4 By the Home Secretary's orders the police gu&rd atardeu oubled. By the Home Secretary's orders the police gu&rd atardeu uubled.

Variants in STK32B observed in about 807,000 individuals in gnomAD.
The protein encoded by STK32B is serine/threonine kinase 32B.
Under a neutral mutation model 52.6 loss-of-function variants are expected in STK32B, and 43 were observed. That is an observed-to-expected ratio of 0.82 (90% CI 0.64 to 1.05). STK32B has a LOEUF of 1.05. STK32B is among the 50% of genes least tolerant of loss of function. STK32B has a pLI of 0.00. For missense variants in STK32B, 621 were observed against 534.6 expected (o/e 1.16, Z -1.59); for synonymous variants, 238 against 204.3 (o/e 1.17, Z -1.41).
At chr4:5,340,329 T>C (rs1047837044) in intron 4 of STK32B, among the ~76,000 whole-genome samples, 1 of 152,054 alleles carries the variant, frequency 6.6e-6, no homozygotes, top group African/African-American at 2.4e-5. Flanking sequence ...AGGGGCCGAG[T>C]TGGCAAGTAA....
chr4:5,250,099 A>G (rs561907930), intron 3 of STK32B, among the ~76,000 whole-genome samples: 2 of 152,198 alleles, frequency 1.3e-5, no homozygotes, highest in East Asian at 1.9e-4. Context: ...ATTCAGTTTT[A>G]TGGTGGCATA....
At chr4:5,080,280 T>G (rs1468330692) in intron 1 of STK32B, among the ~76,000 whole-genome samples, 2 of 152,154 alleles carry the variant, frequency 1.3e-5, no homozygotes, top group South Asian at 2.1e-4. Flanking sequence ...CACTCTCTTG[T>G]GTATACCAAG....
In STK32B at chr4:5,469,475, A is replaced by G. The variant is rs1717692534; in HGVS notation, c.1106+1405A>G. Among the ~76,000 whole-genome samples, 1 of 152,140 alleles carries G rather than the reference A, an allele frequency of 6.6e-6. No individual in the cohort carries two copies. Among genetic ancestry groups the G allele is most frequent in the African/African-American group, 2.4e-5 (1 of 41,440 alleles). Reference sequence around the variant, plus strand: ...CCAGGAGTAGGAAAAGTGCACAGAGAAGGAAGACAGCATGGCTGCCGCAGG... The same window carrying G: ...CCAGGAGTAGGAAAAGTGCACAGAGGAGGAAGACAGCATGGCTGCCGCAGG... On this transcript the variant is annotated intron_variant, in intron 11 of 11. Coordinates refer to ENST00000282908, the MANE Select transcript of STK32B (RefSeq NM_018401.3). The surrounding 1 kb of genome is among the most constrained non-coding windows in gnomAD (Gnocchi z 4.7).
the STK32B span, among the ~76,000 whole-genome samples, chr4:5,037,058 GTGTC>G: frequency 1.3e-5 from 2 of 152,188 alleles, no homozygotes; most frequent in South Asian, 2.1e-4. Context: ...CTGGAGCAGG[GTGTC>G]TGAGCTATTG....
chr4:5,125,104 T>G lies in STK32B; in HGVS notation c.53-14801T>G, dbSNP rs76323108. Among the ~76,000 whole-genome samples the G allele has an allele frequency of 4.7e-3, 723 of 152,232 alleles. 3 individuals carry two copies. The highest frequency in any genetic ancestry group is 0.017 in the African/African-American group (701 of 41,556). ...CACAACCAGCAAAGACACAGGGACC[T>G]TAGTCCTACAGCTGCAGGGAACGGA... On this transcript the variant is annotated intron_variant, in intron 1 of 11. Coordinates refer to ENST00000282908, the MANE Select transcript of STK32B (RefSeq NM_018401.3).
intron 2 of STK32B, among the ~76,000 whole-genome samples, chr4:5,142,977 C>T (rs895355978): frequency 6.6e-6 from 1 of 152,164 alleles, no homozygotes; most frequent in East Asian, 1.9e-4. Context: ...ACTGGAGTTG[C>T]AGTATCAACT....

ANOTHER BRITISH YIC TORT, j DESPERATE FIGHTING. GENERAL EARLE KILLED GREAT SLAUGHTER OF THE ENEMY. Another stubbornly contested battle has been fought in the Soudan, in which, after four hours of hard trial, and at the cost of the gallant General Earle himself, the British troops have again proved worthy of their ancient renown. On Monday afternoon the General, with the Black Watch,the South Staffordshire Regiment, a squadron of Hussars, two guns of the Egyptian Artillery,the Egyptian Camel Corps,and a section of the Field Hospital arrived at Dulka Island. As the enemy were known to be in force but a short distance away, the troops were at once set to work to form a zareba. While they were engaged upon this work the enemy, who were holding a very strong position on some high hills in front, fired several shots. The Eng- lish pickets advanced, and their fire drove back the A, "ho had come down the hills to attack. Jg^sng guards were posted when it be- came dark, ind all was in readiness to repulse an attack should the enemy venture to come down, but the night passed off quietly. The Standard's correspondent thus describes the fight that took place on the following day In the morning our troops formed up and advanced towards the enemy's position, marching in two parallel columns, two companies of the Staffordshire Regiment with two guns taking up ground directly in front of the enemy to occupy their attention. At 8 o'clock our guns opened, and for some time a desultory fire was kept up between them and the two companies of the Staffordshire Regiment and the enemy. In the meantime the main body of the troops were advancing steadily over almost impracticable ground, pushing the enemy before them and seizing each successive ridge by short determined rushes. They continued to push forward until the ad- vanced troops reached the right rear of the enemy, which rested on the river. This completed the move- ment, by which the Arabs were entirely surrounded. The position occupied by the enemy was very strong, consisting of rooky and broken ground, strengthened by loopholed walls, from behind which they kept up a heavy and well-directed fusillade. Finding that it was impossible to dislodge them by our musketry fire, General Earle gave orders for the Black Watch to carry the position with the bayonet. The regiment responded gallantly to the order. The pipers struck up, and with a cheer the Black Watch moved forward with a steadiness and valour which the enemy were unable to resist, and which called forth the admiration of the General. From the loopholed walls the rifle puffs shot out continuously, but without a check the Black Watch advanced, scaled the rocks, and, at the point of the bayonet, drove the enemy from their shelter. Unhappily, General Earle fell while gallantly lead- ing the troops forward to this attack. In the meantime the cavalry pushed on beyond the scene of conflict, and captured the enemy's camp, three miles in their rear, before the Black Watch had captured the main position. Whi'e the main attack was being delivered two companies of the Staffordshire Regiment were directed to seize a high and rocky hill, which was stoutly defended by the Arab riflemen. After General Earle's fall General Brackenbury assumed the command, and after the main position was carried he ordered the remainder of the Staffordshire Regiment to join the two Companies already engaged, and to storm the hill at the point of the bayonet. The enemy clung to tho position desperately, and disputed the ground inch by inch. But the Staffordshire men were not to be denied, and, fighting gallantly, they at last drove the enemy from the hill. This brought the fight of Kerbekan to a closc. It had hsted for five hours, and had been a gallantly contested affair from first to last. The enemy's force consisted of the Monassir and Robatab tribesmen, with numbers of Dervishes from Berber. It is impossible to judge accurately their num- ber, as their position extended over a large range of rocky and broken ground. Their losses were very heavy, and the dead lay piled up on the ridges which they had stubbornly defended. The leader of the rebels from Berber and several emirs were among the killed. Our troops behaved with the most admirable steadiness and bravery. Nothing could exceed the coolness and courage with which they advanced under a tremendous and well-directcd fhe to carry the enemy's positions. The defeat of the i cb Is war- decisive, and owing to the fact that we entirely sur- rounded them before commencing the attack, their only way of escape was by swimming the river. The number of the fugitives who escaped was very small. The following is the official account of the battle from Lord Wolseley, received on Thurs- day mornilic, The following telegram just received from General Brackenbury. Dulka Island is about 70 miles above Merawi. The attack was well planned and gallantly executed, and I expect its effect will be to open the way without further fighting to Berber:— Camp opposite Dulka Island, 10th February.— Having found enemy in position stated in tele- gram No. US, of 9th instant, General Earle con- centrated Stafi'oid's aud Black Watch here yesterday, reconnoitred the position, and this morning advanced to attack it. They held a high ridge of razor-backed hills, and some advanced koppies in front close to the river. Two companies of the Staffordshire Regiment and two guns being left under Colonel Alleyne to hold the enemy in front, we marched with six companies of the Staffordshire and six com- panies of the Black Watch round the high range of hills, entirely turning the enemy's position, which we attacked from the rear. The enemy's numbers were not great, but their position was extremely strong and difficult of access, and they fought with most determined bravery. The Black Watch advanced over rocks and broken ground upon the koppies, and after having by their fire in the coolest manner driven off a rush of the enemy, stormed the position under a heavy fire. General Earle was among the fore- most in this attack, and to the deep sorrow of every officer and man in the force was killed on the summit of the Koppie. The Staffords attacked the high ridge, and over the most difficult ground it was possible for troops to advance upon carried the position. In this attack their gallant commanding officer, Lieutenant-Colonel Eyre, was killed. Meanwhile the squadron 19th Hussars, under Colonel Butler, swept round to the rear, and captured the enemy's camp. Our success is complete. We have captured 10 standards, and the whole of the position is in our hands. It is difiicult to,i,,tiniate the enemy's loss, but their d ad are lying thick among the rocks and in the open where, when they found themselves surrounded, they tried to rush through our troops. Scarcely any can have escaped. Our own loss is as follows Major-General Earle, Lieutenant-Colonel Eyre, South Stafford; Brevet-Lieutenant-Colonel Coveney, Royal High- landers one corporal and three private Royal High- landers three privates South Staffordshire and two Egyptian Camel Corps missing. One private Royal Highlanders, wounded very severely Brivet Lieutenant-Colonel Wauchope, Royal Highlanders, severely wounded. Captain Horsurugh, Stafford Lieutenant Hon. J. G. R. Colborne, Stafford L cu- tenant T. Kennedy, Royal Highlanders wounded. Twenty n m cnmmissioned officers and mu Stafford, and 18 Black Watch. Prisoners report that the enemy was led by Moussa Wa j Abuhegel All Wad Aussein, cousin of Lekaiiks, Hamid Wad Lekalik, brother of Lekalik. All these are reported killed. The enemy said to havo con- sisted of the Monassir, with some Robatab and a force of Dervishes from Berber. j oseph Waugh, captain of the schooner Margaret, lying in Belfast Docks, was proceeding across a plank to his vessel, when he slipped and fell into the water. A harbour policeman and several of the crew en] deavoured to rescue him, but were unable to do so and he was drowned,